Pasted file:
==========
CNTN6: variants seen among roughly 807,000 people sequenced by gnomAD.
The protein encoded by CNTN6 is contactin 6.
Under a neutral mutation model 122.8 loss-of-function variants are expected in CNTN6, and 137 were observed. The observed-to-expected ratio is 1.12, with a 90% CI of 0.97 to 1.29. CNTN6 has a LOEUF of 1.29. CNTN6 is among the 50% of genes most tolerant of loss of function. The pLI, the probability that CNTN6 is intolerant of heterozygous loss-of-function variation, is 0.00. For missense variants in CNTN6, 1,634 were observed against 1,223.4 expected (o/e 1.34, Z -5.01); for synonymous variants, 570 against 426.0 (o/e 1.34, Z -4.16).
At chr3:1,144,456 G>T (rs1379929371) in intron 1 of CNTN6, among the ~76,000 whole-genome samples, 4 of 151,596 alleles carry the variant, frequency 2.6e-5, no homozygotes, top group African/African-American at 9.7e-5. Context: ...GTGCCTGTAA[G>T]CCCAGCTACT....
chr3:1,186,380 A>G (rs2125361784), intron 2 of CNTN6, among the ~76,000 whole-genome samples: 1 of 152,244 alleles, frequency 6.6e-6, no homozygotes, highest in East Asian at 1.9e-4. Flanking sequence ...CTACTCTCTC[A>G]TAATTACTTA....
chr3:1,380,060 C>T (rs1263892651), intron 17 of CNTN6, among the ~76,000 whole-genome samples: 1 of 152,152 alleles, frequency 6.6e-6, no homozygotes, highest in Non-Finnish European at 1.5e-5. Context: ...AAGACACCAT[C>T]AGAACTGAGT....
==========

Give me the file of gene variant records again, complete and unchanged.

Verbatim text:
CNTN6: variants seen among roughly 807,000 people sequenced by gnomAD.
The protein encoded by CNTN6 is contactin 6.
Under a neutral mutation model 122.8 loss-of-function variants are expected in CNTN6, and 137 were observed. The observed-to-expected ratio is 1.12, with a 90% CI of 0.97 to 1.29. CNTN6 has a LOEUF of 1.29. CNTN6 is among the 50% of genes most tolerant of loss of function. The pLI, the probability that CNTN6 is intolerant of heterozygous loss-of-function variation, is 0.00. For missense variants in CNTN6, 1,634 were observed against 1,223.4 expected (o/e 1.34, Z -5.01); for synonymous variants, 570 against 426.0 (o/e 1.34, Z -4.16).
At chr3:1,144,456 G>T (rs1379929371) in intron 1 of CNTN6, among the ~76,000 whole-genome samples, 4 of 151,596 alleles carry the variant, frequency 2.6e-5, no homozygotes, top group African/African-American at 9.7e-5. Context: ...GTGCCTGTAA[G>T]CCCAGCTACT....
chr3:1,186,380 A>G (rs2125361784), intron 2 of CNTN6, among the ~76,000 whole-genome samples: 1 of 152,244 alleles, frequency 6.6e-6, no homozygotes, highest in East Asian at 1.9e-4. Flanking sequence ...CTACTCTCTC[A>G]TAATTACTTA....
chr3:1,380,060 C>T (rs1263892651), intron 17 of CNTN6, among the ~76,000 whole-genome samples: 1 of 152,152 alleles, frequency 6.6e-6, no homozygotes, highest in Non-Finnish European at 1.5e-5. Context: ...AAGACACCAT[C>T]AGAACTGAGT....